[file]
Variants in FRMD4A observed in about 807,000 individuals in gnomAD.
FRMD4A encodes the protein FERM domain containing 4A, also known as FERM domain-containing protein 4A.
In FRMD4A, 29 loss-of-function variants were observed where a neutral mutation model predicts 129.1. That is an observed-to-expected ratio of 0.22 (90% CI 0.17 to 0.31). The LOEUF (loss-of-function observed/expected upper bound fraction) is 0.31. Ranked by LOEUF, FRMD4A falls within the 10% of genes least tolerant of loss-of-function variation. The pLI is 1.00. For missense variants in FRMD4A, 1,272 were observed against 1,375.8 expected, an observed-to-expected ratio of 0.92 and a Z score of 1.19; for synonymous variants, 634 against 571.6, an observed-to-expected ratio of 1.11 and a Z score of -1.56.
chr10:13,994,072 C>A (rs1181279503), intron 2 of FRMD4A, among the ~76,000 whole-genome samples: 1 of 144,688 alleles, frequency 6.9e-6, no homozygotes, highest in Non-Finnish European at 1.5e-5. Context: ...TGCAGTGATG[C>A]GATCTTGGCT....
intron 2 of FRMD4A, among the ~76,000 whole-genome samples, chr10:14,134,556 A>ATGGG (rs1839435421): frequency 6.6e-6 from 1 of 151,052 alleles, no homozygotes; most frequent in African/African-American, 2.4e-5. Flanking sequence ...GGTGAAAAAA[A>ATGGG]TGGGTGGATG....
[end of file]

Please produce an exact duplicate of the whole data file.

Variants in FRMD4A observed in about 807,000 individuals in gnomAD.
FRMD4A encodes the protein FERM domain containing 4A, also known as FERM domain-containing protein 4A.
In FRMD4A, 29 loss-of-function variants were observed where a neutral mutation model predicts 129.1. That is an observed-to-expected ratio of 0.22 (90% CI 0.17 to 0.31). The LOEUF (loss-of-function observed/expected upper bound fraction) is 0.31. Ranked by LOEUF, FRMD4A falls within the 10% of genes least tolerant of loss-of-function variation. The pLI is 1.00. For missense variants in FRMD4A, 1,272 were observed against 1,375.8 expected, an observed-to-expected ratio of 0.92 and a Z score of 1.19; for synonymous variants, 634 against 571.6, an observed-to-expected ratio of 1.11 and a Z score of -1.56.
chr10:13,994,072 C>A (rs1181279503), intron 2 of FRMD4A, among the ~76,000 whole-genome samples: 1 of 144,688 alleles, frequency 6.9e-6, no homozygotes, highest in Non-Finnish European at 1.5e-5. Context: ...TGCAGTGATG[C>A]GATCTTGGCT....
intron 2 of FRMD4A, among the ~76,000 whole-genome samples, chr10:14,134,556 A>ATGGG (rs1839435421): frequency 6.6e-6 from 1 of 151,052 alleles, no homozygotes; most frequent in African/African-American, 2.4e-5. Flanking sequence ...GGTGAAAAAA[A>ATGGG]TGGGTGGATG....